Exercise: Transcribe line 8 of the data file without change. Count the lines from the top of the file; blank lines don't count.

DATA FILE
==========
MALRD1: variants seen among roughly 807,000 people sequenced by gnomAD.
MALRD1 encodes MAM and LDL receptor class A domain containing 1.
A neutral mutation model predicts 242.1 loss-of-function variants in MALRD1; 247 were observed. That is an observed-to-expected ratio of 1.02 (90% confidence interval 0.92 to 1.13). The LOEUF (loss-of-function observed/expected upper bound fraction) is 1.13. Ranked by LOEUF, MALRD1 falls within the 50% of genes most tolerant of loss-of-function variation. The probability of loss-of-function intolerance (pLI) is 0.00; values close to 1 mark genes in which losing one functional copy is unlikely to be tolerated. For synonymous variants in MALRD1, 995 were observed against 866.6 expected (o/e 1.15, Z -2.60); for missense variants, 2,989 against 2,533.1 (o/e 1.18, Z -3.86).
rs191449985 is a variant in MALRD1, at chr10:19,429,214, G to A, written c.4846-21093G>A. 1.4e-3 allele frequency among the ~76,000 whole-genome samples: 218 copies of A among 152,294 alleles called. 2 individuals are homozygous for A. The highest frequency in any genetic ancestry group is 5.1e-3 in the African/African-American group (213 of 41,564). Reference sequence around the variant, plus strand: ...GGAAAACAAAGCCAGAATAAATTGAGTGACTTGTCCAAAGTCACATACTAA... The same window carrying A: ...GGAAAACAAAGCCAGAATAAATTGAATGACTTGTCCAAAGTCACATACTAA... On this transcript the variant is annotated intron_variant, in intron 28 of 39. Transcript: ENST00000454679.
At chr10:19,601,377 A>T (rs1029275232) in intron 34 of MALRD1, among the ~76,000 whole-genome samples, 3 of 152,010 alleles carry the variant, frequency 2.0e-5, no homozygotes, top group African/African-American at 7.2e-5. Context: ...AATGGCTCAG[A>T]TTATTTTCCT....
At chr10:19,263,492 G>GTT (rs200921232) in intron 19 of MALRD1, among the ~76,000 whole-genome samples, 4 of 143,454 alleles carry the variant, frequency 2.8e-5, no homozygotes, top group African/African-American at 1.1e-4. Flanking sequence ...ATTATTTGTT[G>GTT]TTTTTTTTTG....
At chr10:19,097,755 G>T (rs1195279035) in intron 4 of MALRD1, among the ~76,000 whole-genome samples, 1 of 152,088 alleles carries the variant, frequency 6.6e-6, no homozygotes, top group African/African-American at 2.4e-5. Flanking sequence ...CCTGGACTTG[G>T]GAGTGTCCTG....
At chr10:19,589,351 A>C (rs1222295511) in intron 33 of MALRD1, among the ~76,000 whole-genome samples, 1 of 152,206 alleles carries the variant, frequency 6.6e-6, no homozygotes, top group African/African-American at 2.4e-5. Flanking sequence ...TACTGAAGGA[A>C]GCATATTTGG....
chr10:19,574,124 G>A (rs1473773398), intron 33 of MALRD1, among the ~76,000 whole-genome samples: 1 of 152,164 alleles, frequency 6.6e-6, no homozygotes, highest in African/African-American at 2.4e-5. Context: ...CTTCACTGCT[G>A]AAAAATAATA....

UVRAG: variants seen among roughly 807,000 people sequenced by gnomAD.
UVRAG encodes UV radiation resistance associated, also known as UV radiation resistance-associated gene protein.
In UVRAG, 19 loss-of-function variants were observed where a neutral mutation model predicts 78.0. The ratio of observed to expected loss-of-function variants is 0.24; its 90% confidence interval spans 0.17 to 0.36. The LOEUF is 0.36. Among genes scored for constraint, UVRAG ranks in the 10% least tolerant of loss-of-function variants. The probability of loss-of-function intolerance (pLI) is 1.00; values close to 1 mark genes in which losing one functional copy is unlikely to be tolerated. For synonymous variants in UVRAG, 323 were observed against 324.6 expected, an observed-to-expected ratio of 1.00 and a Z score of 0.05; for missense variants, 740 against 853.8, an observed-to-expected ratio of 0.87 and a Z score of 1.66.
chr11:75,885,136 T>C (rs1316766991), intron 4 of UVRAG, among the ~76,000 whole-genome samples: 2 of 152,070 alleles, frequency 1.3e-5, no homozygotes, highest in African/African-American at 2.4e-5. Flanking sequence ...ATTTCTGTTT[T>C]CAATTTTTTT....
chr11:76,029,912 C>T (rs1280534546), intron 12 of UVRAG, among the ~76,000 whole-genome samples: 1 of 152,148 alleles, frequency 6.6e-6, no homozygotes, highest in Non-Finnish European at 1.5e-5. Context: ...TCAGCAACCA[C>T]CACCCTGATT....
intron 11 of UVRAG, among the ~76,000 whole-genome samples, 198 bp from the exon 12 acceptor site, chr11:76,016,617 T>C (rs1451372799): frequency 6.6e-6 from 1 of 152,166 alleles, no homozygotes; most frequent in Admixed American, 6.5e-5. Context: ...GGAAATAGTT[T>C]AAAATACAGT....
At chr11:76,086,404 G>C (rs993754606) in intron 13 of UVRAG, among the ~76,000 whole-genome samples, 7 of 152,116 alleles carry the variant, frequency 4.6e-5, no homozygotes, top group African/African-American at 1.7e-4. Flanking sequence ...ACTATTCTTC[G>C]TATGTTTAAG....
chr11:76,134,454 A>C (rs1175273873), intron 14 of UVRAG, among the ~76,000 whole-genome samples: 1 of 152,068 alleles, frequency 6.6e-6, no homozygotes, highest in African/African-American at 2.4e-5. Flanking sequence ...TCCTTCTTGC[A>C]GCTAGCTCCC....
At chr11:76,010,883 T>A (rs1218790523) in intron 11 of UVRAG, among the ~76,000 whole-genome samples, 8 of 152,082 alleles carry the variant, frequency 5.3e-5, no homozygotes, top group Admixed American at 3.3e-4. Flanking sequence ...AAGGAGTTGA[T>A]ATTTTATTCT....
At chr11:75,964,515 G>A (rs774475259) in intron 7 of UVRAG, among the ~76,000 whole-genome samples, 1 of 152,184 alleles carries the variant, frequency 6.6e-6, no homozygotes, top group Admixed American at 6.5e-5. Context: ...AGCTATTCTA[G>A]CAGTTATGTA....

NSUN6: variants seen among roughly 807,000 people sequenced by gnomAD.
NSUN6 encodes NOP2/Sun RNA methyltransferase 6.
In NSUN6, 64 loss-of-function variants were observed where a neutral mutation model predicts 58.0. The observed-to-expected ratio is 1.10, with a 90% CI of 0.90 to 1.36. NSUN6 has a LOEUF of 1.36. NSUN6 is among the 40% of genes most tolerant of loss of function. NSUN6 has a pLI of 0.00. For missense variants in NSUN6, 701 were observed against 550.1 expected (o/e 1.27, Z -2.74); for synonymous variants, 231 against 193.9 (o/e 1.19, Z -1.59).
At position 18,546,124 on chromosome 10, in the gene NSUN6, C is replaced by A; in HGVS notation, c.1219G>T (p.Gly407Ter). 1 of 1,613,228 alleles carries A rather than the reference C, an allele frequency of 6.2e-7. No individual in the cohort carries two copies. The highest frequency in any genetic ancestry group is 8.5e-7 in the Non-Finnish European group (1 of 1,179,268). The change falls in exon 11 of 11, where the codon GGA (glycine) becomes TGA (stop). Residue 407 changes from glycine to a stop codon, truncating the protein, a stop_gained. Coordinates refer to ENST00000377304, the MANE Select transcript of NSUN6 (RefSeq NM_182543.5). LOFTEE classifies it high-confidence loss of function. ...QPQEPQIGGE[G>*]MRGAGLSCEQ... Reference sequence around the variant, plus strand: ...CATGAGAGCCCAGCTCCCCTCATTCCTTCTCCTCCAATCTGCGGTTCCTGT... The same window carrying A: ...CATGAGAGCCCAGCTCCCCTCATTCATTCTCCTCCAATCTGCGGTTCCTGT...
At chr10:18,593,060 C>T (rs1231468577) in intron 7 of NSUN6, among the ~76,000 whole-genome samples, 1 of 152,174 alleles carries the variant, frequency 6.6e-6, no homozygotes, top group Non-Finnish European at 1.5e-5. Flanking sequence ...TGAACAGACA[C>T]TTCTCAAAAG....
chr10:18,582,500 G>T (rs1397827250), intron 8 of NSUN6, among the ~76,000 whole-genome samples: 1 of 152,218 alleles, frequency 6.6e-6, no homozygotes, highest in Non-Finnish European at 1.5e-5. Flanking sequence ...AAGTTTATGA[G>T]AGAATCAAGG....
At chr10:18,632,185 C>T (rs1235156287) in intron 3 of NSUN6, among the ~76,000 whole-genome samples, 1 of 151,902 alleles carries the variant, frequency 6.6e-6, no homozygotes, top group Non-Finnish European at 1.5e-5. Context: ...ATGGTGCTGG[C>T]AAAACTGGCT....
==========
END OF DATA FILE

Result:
At chr10:19,589,351 A>C (rs1222295511) in intron 33 of MALRD1, among the ~76,000 whole-genome samples, 1 of 152,206 alleles carries the variant, frequency 6.6e-6, no homozygotes, top group African/African-American at 2.4e-5. Flanking sequence ...TACTGAAGGA[A>C]GCATATTTGG....